Siemens may be in the running to win a WDM contract, but it's probably not the whopper everyone is waiting for

June 12, 2003

2 Min Read
AT&T Smacks Siemens Rumor

Rumors are once more buzzing that AT&T Corp. (NYSE: T) has finally awarded an equipment contract in its long-awaited long-haul network upgrade (see AT&T DWDM Hope Dwindles).

This time around, the buzz began at the Supercomm tradeshow and has it that Siemens Information and Communications Networks Inc. is in the running for AT&T's next wave of WDM purchases.

In the past, Ciena Corp. (Nasdaq: CIEN), Corvis Corp. (Nasdaq: CORV), and Lucent Technologies Inc. (NYSE: LU) have all been the subject of similar rumors.

Sell-side researchers from Bear Stearns & Co. Inc., Merrill Lynch & Co. Inc., and other banks have published notes about the chatter.

"Our channel checks suggest that Siemens has awarded AT&T a service contract, and in turn, AT&T has allowed Siemens into its evaluation lab in anticipation of eventual deployment," writes Merrill Lynch analyst Simon Leopold. "However, our checks indicate that this potential award is not the long-haul network upgrade we have discussed in the past."

AT&T spokesman Dave Johnson describes the situation as a "a rumor about Siemens that was started in Europe," and he says neither AT&T nor Siemens have made any announcements regarding long-haul WDM gear. Johnson did point out, however, that AT&T is a huge consumer of WDM gear, with 1,300 systems in place, and that its network is always evolving. "We will continue to deploy [WDM systems] more as customers demand it and as growth warrants it," he says.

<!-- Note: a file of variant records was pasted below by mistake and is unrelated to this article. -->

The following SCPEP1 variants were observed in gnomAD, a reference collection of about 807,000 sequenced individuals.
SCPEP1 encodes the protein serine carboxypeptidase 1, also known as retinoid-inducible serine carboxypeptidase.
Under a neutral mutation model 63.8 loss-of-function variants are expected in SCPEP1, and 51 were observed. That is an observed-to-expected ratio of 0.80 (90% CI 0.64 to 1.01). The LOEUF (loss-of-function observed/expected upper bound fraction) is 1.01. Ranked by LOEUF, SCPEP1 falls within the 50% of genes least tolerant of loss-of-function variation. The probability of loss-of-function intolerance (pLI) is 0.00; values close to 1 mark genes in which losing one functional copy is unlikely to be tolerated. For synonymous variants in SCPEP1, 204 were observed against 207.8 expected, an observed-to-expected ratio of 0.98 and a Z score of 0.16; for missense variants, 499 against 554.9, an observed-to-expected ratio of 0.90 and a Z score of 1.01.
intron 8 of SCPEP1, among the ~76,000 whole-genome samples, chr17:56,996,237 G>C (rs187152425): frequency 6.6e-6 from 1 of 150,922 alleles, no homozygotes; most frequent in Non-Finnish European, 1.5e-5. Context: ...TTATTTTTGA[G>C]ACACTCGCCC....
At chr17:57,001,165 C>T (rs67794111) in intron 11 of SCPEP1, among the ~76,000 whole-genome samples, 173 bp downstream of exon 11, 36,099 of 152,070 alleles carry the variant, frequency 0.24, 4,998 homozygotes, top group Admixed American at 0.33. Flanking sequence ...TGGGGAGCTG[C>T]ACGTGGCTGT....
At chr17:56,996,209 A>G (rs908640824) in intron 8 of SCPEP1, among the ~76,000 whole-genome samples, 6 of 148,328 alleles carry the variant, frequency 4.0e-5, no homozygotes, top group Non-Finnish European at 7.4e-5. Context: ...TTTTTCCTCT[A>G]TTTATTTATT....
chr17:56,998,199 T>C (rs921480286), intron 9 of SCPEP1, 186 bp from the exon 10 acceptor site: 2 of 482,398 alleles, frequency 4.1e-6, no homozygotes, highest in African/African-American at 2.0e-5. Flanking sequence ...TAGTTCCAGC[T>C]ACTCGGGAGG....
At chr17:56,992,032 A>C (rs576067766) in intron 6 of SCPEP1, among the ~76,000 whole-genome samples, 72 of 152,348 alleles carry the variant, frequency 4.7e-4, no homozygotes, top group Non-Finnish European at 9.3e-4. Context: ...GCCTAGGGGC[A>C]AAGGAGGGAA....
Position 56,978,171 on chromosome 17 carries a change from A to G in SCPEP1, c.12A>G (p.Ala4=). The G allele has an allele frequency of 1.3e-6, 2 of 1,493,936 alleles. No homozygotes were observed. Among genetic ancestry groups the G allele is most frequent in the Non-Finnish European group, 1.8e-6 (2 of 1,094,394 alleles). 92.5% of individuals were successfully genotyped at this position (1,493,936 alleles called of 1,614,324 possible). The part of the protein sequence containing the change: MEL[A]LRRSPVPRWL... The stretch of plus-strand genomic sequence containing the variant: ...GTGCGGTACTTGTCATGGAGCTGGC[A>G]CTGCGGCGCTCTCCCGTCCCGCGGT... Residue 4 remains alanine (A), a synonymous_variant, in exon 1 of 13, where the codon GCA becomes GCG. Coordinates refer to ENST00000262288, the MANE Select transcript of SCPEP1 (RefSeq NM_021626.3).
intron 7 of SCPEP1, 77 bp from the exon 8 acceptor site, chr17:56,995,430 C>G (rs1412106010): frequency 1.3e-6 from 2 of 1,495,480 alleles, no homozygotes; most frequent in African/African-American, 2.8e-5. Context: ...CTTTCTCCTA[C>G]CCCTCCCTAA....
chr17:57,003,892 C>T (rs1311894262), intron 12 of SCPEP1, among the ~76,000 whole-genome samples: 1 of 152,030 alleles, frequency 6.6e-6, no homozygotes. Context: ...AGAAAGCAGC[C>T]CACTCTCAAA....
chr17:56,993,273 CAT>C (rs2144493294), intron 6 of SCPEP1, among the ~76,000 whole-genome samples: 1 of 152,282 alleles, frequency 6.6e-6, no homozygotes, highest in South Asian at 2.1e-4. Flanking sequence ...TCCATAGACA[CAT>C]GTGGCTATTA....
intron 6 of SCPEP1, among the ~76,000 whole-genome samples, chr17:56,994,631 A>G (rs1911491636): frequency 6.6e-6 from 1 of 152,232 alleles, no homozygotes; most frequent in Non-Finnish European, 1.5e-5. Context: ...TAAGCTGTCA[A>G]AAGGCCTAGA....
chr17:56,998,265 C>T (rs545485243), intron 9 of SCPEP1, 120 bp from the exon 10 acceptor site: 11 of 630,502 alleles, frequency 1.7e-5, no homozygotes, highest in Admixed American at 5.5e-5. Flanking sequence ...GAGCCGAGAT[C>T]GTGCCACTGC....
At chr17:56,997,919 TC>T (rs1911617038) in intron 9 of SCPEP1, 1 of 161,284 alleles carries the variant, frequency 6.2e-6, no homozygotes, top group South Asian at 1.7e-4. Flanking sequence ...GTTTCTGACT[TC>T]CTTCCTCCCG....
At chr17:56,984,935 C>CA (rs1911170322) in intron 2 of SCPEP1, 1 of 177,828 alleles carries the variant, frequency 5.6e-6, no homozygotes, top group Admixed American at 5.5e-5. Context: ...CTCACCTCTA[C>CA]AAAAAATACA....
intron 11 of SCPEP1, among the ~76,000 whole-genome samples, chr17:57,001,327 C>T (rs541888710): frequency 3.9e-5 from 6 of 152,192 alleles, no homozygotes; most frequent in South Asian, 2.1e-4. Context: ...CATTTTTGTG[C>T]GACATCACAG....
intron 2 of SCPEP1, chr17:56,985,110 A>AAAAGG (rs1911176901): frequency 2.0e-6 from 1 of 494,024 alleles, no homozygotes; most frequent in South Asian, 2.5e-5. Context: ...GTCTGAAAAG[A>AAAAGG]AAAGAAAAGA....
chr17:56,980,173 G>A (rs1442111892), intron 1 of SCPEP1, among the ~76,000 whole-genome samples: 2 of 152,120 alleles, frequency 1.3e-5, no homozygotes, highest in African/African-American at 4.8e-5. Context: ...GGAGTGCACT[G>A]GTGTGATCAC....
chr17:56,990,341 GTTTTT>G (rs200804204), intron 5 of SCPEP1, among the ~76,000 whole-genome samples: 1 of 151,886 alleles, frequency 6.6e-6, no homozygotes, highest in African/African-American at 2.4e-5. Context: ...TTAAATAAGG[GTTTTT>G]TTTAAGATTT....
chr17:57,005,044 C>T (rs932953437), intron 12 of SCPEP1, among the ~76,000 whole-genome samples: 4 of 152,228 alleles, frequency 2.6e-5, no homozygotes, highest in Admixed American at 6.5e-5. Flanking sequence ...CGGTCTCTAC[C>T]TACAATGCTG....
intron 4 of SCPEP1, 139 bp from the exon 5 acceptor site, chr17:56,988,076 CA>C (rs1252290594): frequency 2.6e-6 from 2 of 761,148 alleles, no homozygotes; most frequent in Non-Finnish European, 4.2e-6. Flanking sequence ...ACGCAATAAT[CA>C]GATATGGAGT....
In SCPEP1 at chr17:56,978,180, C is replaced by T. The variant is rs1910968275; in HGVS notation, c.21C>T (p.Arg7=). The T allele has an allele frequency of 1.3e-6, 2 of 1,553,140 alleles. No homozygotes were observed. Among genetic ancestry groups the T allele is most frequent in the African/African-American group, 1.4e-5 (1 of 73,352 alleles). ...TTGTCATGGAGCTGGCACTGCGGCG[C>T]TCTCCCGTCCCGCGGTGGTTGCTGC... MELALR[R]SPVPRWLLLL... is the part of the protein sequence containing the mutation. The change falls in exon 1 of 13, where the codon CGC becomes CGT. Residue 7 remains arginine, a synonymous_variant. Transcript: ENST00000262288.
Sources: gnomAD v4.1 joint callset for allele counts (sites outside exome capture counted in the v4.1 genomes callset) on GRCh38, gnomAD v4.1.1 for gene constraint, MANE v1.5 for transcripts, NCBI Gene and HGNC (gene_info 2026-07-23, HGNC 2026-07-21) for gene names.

How big is the rumored Siemens deal? "We believe Siemens’s opportunity could be in the low double-digit millions, while the larger network upgrade could be worth $50 million to $200 million," Leopold writes.

Alas, it looks as though, once again, the AT&T's monster WDM contract has been put off further into the future. "That's happened before, so why should now be any different?" Leopold asked Light Reading on Thursday, who responded by shrugging and mumbling something inaudible.

— Phil Harvey, Senior Editor, Light Reading

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